Criminal Justice

After secret negotiations, Houston City Council will vote on a new contract with the police union. Here’s what’s in it

Union members have already voted to approve the agreement.

Houston Police cadets wear masks amid the COVID-19 pandemic while taking a class photo during a graduation ceremony at the Houston Police Academy, Friday, May 1, 2020, in Houston.

Council members are expected to vote Wednesday on the city’s new agreement with the Houston Police Officers’ Union, a consequential contract that determines disciplinary procedures and much of the nearly $1 billion budget for the Houston Police Department.

The contract was negotiated privately between the union and the mayor’s office, with no formal process for city council or the public to provide input.

Douglas Griffith, the union president, said he expects the council will unanimously approve the agreement.

Houston Public Media obtained a copy of the contract from two separate sources, who both asked not to be identified because they were not authorized to share the document.

Read the entire contract here:

Griffith pointed to a change in the new contract that will give the city more time to investigate alleged police misconduct incidents. Under a modification to what’s known as the 180-day rule, the city will have until 180 days from the date the alleged infraction was reported to issue discipline, instead of 180 days from the date the incident occurred. A similar change is in San Antonio’s new contract, as well.

“That is that is one that (the mayor’s task force on policing reform) wanted, and we agreed,” Griffith said. “We didn’t believe that should be an issue for anyone, including our officers. No one’s above the law. And we don’t want someone coming to work that shouldn’t be here. So the 180-day (rule) was a big bonus for the city, for them to have that opportunity to use the date of discovery versus date of incident.”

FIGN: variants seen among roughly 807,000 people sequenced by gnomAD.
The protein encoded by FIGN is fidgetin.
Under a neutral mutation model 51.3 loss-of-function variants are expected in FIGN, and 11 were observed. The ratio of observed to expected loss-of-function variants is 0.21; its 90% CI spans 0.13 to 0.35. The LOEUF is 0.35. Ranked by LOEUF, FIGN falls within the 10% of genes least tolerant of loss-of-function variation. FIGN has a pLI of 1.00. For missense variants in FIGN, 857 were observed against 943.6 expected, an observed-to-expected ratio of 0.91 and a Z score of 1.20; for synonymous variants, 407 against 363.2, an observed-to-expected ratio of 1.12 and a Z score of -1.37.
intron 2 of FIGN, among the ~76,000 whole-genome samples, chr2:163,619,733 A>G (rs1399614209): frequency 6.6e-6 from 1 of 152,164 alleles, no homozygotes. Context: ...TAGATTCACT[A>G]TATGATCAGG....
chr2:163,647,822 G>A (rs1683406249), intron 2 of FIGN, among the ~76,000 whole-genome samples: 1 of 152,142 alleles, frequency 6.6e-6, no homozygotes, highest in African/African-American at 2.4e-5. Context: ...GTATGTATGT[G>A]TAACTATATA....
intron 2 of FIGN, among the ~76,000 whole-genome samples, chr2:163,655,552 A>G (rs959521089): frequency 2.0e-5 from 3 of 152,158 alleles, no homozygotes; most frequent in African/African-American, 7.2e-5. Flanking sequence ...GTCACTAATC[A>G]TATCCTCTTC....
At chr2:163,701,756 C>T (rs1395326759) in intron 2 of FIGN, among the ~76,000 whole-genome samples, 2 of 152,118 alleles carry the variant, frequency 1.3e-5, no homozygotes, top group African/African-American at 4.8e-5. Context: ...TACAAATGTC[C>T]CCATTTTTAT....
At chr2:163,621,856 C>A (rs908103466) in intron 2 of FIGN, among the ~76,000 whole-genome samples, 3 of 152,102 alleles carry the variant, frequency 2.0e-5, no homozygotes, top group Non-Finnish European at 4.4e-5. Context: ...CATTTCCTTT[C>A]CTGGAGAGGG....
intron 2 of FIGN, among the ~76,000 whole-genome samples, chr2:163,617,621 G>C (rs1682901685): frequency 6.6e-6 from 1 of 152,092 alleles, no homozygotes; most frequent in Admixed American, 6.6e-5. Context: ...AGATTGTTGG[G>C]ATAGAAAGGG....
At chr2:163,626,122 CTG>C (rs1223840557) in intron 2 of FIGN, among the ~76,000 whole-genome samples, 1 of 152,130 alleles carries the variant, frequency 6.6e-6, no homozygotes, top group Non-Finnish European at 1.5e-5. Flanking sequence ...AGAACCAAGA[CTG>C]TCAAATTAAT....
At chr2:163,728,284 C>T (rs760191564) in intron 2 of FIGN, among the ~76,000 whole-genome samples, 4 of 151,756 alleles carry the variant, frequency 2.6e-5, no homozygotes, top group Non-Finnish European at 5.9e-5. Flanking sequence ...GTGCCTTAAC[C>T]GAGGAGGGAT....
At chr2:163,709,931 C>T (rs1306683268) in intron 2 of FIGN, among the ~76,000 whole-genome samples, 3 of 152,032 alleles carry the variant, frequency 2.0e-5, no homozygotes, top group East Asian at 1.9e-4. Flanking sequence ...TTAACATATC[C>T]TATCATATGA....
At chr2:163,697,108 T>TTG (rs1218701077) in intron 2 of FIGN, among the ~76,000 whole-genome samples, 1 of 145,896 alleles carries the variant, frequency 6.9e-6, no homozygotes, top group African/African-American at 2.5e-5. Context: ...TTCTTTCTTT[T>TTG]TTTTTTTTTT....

But Jaison Oliver, a community organizer, said it’s unclear whether the change is a win at all.

“I don’t know how many cases have been running up against or have been dismissed because of that 180-day rule,” Oliver said. “I don’t know functionally how much of a difference this makes. I’d be curious about that, but I really don’t know. But it just strikes as something that they’re using to make it seem like they fought for real reforms that doesn’t yield much in terms of change.”

Oliver, who was one of more than 200 Houstonians who signed up to speak at a city council meeting on police reform in 2020, said he would have liked to see the city end a 48-day rule that gives officers two days to prepare before they’re questioned about complaints and change the supervisory intervention process that provides a non-disciplinary alternative when officers have committed alleged infractions.

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